Women Will Get It Done: Harassment

48% of currently employed women in the United States say they have personally experienced an “unwelcome sexual advance or verbal or physical harassment” at work.

41% of currently employed men admit that they have personally witnessed the mistreatment of women in the workplace.

67% of women and men think that sexual harassment happens in most if not all work places.

There are no political boundaries to the harassment of women with 44% of Republican women and 46% of Democratic women saying they have personal experience.

55% of women with college educations and 43% of women without a college education have experienced harassment as have 51% of white women and 43% of women of color.

54% of men under the age of 50 years say they are reconsidering how they interact with women but only 42% of men over age 50 share that interest. 61% of Democratic men, 44% of Republican men and 43% of independent man are in the “reconsidering” group. [NBC/WSJ, 10/26/17]

75% believe that sexual harassment of women in the workplace is a problem in this country. 64% see it as a serious problem.

65% believe that a man who sexually harasses a women in the workplace “gets away with it.”

Of women who have experienced unwanted workplace-related sexual advances, 33% consider it to be sexual abuse while 79% consider it to be harassment.

58% of women who experienced unwanted sexual advances in the workplace did not report it. 42% did.

Among women who have experienced unwanted workplace-related sexual advances, 83% are angry, 64% feel intimidated, 52% feel humiliated and 31% are ashamed. [ABC/WP, 10/17/17]

55% of Americans believe that women still face significant obstacles to getting ahead that men do not face. This includes 64% of women but only 46% of men. 63% of Rep/leanRep including 53% of Republican women believe that the obstacles that once made it harder for women to get ahead are largely gone.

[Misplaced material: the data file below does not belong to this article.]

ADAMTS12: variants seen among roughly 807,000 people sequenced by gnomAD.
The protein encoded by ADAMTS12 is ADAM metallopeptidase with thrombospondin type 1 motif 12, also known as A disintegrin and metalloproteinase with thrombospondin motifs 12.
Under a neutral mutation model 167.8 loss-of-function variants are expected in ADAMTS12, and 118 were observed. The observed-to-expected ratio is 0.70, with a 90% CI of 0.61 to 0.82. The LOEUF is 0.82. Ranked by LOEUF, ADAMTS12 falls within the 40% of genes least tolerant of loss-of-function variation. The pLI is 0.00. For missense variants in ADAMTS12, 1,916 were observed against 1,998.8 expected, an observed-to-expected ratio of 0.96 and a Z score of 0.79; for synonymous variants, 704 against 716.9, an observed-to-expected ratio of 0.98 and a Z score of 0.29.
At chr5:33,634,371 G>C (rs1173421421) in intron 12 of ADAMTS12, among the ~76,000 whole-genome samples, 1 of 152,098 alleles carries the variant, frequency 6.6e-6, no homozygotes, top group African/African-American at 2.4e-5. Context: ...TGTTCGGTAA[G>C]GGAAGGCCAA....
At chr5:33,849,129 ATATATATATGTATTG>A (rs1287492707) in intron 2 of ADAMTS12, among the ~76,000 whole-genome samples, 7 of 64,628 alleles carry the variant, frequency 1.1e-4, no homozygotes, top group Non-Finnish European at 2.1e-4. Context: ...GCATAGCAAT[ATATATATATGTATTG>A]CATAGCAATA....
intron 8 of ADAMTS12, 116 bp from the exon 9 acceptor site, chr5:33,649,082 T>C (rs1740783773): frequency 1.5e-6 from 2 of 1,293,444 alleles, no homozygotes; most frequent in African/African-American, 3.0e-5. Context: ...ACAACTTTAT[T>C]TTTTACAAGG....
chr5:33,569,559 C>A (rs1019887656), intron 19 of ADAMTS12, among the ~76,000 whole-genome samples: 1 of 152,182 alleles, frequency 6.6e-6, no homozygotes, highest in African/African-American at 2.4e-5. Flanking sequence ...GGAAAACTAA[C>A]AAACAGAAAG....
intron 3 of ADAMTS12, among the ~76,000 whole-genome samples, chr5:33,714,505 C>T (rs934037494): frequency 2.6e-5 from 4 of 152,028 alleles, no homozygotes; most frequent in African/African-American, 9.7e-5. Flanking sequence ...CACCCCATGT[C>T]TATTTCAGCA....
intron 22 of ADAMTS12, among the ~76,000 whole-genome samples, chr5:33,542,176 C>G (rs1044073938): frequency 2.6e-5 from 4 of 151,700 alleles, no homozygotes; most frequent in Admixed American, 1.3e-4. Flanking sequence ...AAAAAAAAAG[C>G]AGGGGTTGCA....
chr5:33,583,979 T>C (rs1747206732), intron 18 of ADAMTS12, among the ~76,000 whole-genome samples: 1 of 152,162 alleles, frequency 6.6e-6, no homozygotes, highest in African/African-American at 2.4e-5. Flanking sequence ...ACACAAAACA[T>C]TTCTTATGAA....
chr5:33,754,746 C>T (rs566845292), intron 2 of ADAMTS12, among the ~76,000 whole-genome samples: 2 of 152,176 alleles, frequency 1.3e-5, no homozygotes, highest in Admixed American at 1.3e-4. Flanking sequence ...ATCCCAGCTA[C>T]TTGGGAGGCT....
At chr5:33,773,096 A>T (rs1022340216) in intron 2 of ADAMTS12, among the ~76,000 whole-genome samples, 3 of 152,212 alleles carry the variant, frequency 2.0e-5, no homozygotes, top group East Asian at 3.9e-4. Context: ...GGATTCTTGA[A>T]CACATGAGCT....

73% of Dem/leanDem, including 79% of Dem/lean women, believe the obstacles remain. [PEW, 10/5/17]

The U.S. has the highest maternal mortality rate of all industrialized countries. For every 100,000 babies born, 26.5% of mothers die in childbirth.

The number is 7.3% in Canada and 7.2% in Western Europe. The U.S. is one of a handful of countries where the problem has gotten worse not better over the last three decades. [Broadsheet, 10/30/17]

44% of women but only 29% of men think that discrimination in the tech industry is a major problem. Further, 33% of women and 19% of men think there is more discrimination against women in the tech industry than in other industries.[PEW 10/10/17]

“Nikon has a serious optics problem. The Japanese camera giant chose 32 professional photographers across Asia and Africa to test-drive and promote its new camera, the D850. Of the 32 photographers chosen, Nikon managed to pick zero women.

“What is so obvious to me – a professional photographer – as well as colleagues, photography bloggers and social media users, was not obvious to Nikon. Instead, it seemed to have worked on the campaign, from the concept stage through to development, marketing and public relations, without a thought for its female clients.”
[Gender Avenger, 9/19/17]

Japan ranks 165th of 193 countries in the proportion of women in its national legislature. Among the world’s richest countries, it is dead last. [NYT, 10/21/17]